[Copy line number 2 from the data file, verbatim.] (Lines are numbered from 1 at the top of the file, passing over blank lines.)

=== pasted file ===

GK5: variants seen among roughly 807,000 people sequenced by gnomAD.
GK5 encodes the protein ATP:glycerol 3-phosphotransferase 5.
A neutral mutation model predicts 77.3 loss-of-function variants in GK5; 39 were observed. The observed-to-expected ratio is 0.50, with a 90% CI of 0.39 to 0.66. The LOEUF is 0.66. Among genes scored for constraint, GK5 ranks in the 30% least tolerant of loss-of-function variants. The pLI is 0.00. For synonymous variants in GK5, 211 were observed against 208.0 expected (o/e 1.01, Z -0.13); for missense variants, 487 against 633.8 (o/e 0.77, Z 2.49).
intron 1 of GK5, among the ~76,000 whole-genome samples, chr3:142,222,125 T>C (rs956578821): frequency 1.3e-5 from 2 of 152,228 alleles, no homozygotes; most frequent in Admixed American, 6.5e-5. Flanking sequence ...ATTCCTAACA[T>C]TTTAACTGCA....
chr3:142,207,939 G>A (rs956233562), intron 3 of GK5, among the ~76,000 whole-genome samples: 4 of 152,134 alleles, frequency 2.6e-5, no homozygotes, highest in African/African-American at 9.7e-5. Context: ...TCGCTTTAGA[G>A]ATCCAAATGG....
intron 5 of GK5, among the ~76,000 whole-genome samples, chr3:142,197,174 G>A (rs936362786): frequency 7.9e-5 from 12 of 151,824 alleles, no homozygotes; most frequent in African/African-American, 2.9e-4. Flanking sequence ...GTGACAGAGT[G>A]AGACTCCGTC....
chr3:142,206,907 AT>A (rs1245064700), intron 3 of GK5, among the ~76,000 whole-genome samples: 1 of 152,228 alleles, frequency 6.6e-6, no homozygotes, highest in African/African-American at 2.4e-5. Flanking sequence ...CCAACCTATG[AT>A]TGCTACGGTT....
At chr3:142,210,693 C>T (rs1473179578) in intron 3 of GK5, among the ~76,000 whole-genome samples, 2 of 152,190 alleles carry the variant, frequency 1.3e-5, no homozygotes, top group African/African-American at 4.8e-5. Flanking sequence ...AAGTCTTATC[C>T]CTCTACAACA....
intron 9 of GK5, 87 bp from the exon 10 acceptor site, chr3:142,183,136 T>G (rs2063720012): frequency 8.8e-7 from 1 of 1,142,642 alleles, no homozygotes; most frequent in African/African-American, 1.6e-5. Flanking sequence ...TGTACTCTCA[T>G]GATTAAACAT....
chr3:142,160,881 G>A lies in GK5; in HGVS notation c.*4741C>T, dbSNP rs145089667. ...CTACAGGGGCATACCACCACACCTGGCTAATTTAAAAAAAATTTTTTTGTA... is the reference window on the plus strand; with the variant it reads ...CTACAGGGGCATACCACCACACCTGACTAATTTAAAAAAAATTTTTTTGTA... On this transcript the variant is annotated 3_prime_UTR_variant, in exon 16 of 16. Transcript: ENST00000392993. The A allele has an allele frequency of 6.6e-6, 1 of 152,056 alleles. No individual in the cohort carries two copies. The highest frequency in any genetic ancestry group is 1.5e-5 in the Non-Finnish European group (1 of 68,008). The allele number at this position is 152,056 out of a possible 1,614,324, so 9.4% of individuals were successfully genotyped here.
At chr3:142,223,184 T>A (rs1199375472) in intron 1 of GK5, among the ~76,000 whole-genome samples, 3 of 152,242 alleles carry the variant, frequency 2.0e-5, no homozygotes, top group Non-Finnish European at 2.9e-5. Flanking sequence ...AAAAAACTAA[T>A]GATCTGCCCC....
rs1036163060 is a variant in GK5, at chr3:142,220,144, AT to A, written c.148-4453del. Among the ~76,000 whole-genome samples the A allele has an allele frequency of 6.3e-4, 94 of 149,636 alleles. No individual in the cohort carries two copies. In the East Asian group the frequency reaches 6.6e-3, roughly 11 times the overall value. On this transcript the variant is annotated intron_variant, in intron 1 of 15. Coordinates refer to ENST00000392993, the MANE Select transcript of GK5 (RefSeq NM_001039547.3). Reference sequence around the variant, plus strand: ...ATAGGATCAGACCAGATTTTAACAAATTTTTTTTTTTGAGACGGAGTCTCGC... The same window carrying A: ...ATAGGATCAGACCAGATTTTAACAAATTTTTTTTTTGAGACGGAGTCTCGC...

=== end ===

GK5 encodes the protein ATP:glycerol 3-phosphotransferase 5.